Scary Filipino Myth Inspired Baby Groot’s Design

Written by Joy Lyn Parohinog Francisco

A frightening Filipino myth inspired Baby Groot’s design. Filipino-American visual designer Anthony Francisco shared how the creepy balete tree influenced Baby Groot’s look. In the Philippines, some believe balete trees supernatural creatures like the tikbalang.

Moreover, Balete Drive in Quezon City produced ghostly tales of the white lady. In fact, sightings of the lady in white persisted since the ’50s. Geekosity founder Mikey Sutton even paid homage to Balete Drive in the second issue of his comic book, Dream Walker.

Scary Filipino Myth Inspired Baby Groot’s Design


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The world knows about Baby Groot from the Guardians of the Galaxy and Avengers movies. Now, Disney Plus has the computer-generated animated shorts I Am Groot. Undeniably, Baby Groot has danced into the hearts of fans, especially kids. Ironically, little do people know he’s rooted in the stuff of children’s nightmares.

In an interview with mexipinopodcast, Francisco explained how he wanted to incorporate his Filipino culture into the character. Being a tree character, he used the balete tree as Baby Groot’s general look. From how the roots and branches grow and come together up to the facial features of Baby Groot himself. Specifically, Francisco merged the four-year-old body of his son to appear as that of a balete tree.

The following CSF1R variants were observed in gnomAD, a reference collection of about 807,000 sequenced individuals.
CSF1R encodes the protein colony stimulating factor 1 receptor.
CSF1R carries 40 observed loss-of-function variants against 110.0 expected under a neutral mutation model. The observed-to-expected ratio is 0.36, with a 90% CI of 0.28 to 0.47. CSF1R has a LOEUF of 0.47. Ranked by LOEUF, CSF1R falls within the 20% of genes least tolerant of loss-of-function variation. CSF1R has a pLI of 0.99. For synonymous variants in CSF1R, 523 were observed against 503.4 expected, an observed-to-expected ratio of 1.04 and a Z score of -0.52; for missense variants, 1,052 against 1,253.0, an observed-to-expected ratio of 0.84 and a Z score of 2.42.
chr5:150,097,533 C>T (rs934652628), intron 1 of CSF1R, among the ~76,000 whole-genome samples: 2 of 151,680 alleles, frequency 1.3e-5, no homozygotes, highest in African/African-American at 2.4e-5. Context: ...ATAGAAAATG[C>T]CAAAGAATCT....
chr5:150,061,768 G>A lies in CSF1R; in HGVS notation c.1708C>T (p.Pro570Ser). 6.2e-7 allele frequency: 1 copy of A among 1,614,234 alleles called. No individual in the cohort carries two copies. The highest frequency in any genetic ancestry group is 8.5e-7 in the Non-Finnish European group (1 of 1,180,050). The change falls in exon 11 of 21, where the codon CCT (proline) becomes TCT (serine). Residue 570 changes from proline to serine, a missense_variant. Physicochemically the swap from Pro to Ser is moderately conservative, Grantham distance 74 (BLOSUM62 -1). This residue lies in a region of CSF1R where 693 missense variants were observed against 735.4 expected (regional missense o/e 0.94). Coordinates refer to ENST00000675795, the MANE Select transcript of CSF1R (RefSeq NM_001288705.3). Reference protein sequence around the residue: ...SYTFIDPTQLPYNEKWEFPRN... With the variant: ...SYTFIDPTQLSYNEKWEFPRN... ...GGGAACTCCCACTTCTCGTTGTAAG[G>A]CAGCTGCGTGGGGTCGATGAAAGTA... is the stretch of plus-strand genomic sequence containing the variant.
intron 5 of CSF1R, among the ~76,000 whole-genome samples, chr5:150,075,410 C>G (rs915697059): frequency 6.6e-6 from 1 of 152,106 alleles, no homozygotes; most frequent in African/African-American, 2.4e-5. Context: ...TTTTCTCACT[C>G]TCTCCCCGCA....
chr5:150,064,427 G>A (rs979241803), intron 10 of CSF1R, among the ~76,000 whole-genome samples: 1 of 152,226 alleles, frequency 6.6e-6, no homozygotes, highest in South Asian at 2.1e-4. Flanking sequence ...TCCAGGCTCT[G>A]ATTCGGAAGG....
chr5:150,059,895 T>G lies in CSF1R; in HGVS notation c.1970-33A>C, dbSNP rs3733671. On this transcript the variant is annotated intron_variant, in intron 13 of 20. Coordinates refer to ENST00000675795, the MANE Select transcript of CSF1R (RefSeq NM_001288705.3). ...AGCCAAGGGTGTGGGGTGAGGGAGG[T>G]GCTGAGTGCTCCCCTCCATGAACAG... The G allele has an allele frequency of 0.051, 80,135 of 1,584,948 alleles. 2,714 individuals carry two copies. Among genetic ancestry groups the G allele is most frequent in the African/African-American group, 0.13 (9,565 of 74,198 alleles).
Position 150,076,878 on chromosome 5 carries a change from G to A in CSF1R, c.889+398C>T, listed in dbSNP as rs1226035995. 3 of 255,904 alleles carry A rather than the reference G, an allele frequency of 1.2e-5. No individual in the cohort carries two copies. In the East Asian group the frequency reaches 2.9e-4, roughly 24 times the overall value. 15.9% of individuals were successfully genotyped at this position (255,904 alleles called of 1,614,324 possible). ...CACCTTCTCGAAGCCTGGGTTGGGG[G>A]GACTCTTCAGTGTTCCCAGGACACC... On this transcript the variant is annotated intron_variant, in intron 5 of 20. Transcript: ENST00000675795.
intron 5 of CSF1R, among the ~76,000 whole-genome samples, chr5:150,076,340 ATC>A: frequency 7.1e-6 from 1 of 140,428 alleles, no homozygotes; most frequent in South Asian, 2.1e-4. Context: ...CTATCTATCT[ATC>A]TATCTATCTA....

The balete tree is highly regarded in Philippine urban legends. As a matter of fact, this is particularly due to its affinity to supernatural tales. Most popular of these tales is the urban legend of the White Lady living in a balete tree. The White Lady is a ghost of a woman, whose origin differs within the tale. The balete tree is prominent in local folk tales due to its appearance. After all, the branches, twigs, and roots display an ominous feel, especially in the dark.

Scary Filipino Myth Inspired Baby Groot’s Design

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Image: Disney Plus

Nevertheless, the fear is not all fiction. Indeed, balete trees can strangle other trees in real life. Without a doubt, that sounds terrifying.

Francisco talks about how he developed Baby Groot’s appearance. He states:

Watching Baby Groot on screen feels… how I captured my son in a way that it’s pretty much like Baby Groot is a young Filipino kid. I wanted to use a specific type of tree called the balete in the Philippines.

I used some of the textures from that and the way the roots kind of hang down as one of the limbs and internal parts of Baby Groot. Even the face, the cuteness of it, the wide eyes, he just looks like my son.

Viewers will never see Baby Groot the same way again.